Ralph Messenger is an international academic star in the highly trendy field of language and thought research. Novelist Helen Reed arrives at the university to teach creative writing and to recover from the unexpected death of her husband. Despite huge differences in belief and temperament, they begin a secret affair - with complicated ...
Ralph Messenger is an international academic star in the highly trendy field of language and thought research. Novelist Helen Reed arrives at the university to teach creative writing and to recover from the unexpected death of her husband. Despite huge differences in belief and temperament, they begin a secret affair - with complicated consequences, comic and tragic, for those around them. Witty, elegant and timely, THINKS is a dazzling exploration of love and deception, the enigmas of consciousness and the intricacies of the human heart.
Fine in Fine jacket. Collectible. 8vo-over 7¾"-9¾" tall. 341 pages; 24 cm. Tight, clean copy. Stated "First American edition." Dust jacket protected in a mylar book cover. A fine copy of the first printing.
Very good in very good dust jacket. SIGNED by author on title page (signature only). 1st edition, 1st printing, complete number line. Minor shelfwear. In protective mylar sleeve. Glued binding. Paper over boards. With dust jacket. 342 p. Audience: General/trade. By the author of 'Therapy' and 'Paradise News'. Where possible, all books come with dust jacket in a clear protective plastic sleeve, sealed in a ziplock bag, wrapped in bubble wrap, shipped in a box.
New Very Good jacket. Signed. First Edition. Unread. Signed and inscribed by the author on the title page: To Larry Kramer with best wishes, Daivd Lodge. No other markings in book. Binding is tight. DJ with light shelf wear to edges.
As New in As New jacket. (Signed) Hardcover in dust jacket. First printing of first edition. SIGNED by author on title page. A story about secret infidelities and the nature of consciousness. Book and unclipped dust jacket are in fine, As New, gift-giving condition, crisp and clean, with tight binding and sharp corners. 8vo. 342 pp. In protective Mylar.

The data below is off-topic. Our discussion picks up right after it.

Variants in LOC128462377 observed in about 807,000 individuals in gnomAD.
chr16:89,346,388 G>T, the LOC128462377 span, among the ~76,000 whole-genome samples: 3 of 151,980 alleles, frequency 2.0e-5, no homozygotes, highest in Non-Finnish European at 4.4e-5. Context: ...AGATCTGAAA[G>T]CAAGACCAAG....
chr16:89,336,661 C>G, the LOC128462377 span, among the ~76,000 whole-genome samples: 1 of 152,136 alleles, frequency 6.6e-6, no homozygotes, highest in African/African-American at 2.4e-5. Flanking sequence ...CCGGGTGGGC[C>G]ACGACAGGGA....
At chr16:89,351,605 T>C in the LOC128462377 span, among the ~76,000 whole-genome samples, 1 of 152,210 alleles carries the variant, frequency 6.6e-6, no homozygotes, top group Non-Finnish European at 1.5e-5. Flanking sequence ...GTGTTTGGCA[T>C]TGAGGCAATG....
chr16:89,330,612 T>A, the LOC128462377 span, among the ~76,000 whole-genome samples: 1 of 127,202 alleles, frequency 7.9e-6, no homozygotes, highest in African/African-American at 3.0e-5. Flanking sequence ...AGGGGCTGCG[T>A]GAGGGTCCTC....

Fine in fine dust jacket. Signed. First Edition. A hardback First Edition in Like New condition, in a similar dustjacket. SIGNED and dated by the author. This book is in stock now in our UK premises. Please note that dustjacket and cover illustrations may vary and the pictures you may see are often not ours. Overseas buyers please note that should the packed weight of your item exceed 1 Kg we reserve the right to cancel the accepted order and request extra postage.
Publishers Weekly, 2001-06-04 Inimitable British writer Lodge (Small World; The Art of Fiction) is at his best in another of his comedies of manners set in the academic world. His 10th novel is distinguished by gentle satire, vigorous intelligence, sometimes ribald humor and a perspicacious understanding of the human condition. At the fictitious University of Gloucester, science and literature collide in the persons of 40-something Ralph Messenger and Helen Reed. Ralph's research as the director of cognitive science and his wit and charisma as an explicator of artificial intelligence make him a bit of a star in Britain, and with the ladies. He delights in opportunities for extramarital activities within the confines of the don't-ask-don't-tell arrangement he's established with his wife. Ralph's worthy opponent, newly widowed Helen, a novelist and Henry James devotee, has come to the university to teach creative writing. Helen represents the religious conflict common to Lodge's characters. She has nostalgic respect for her Catholic upbringing, but she's enduring a crisis of faith. Because of her strong moral conscience, she disapproves of Ralph's infidelities. Yet sparks fly during their heated debates, and they share an undeniable attraction and mutual respect. Ralph argues convincingly for artificial intelligence as the next rung on the evolutionary ladder, but Lodge's own opinion clearly corresponds to Helen's: she's dubious of a machine that could embody human consciousness, "a computer that has hangovers and falls in love and suffers bereavement." The perfectly paced story unfolds alternately via Helen's diary, Ralph's audio-dictated journal and an omniscient narrator. Although still politically aware, Lodge is arguably less concerned with social commentary (as in his Booker-nominated Nice Work) than with human nature, and he digs deeper here than in Therapy into the universal mysteries of death and the soul. Readers and booksellers will be more than pleased by this entertaining and appropriately thought-provoking novel. 6-city author tour. (June) (c) Copyright PWxyz, LLC. All rights reserved
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